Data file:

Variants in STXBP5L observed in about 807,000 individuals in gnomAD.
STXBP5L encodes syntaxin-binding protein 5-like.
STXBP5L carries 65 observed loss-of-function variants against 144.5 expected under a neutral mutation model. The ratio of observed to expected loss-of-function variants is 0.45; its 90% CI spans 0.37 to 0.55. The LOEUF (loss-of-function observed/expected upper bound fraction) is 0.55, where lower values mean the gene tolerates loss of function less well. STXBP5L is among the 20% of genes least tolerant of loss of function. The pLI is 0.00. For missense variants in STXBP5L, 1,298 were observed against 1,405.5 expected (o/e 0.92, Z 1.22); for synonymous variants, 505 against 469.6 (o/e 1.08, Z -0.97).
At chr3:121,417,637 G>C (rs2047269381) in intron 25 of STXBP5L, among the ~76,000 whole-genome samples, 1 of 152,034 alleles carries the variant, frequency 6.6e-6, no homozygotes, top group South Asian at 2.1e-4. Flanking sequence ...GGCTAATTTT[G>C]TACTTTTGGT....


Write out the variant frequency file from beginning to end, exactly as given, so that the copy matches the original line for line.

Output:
Variants in STXBP5L observed in about 807,000 individuals in gnomAD.
STXBP5L encodes syntaxin-binding protein 5-like.
STXBP5L carries 65 observed loss-of-function variants against 144.5 expected under a neutral mutation model. The ratio of observed to expected loss-of-function variants is 0.45; its 90% CI spans 0.37 to 0.55. The LOEUF (loss-of-function observed/expected upper bound fraction) is 0.55, where lower values mean the gene tolerates loss of function less well. STXBP5L is among the 20% of genes least tolerant of loss of function. The pLI is 0.00. For missense variants in STXBP5L, 1,298 were observed against 1,405.5 expected (o/e 0.92, Z 1.22); for synonymous variants, 505 against 469.6 (o/e 1.08, Z -0.97).
At chr3:121,417,637 G>C (rs2047269381) in intron 25 of STXBP5L, among the ~76,000 whole-genome samples, 1 of 152,034 alleles carries the variant, frequency 6.6e-6, no homozygotes, top group South Asian at 2.1e-4. Flanking sequence ...GGCTAATTTT[G>C]TACTTTTGGT....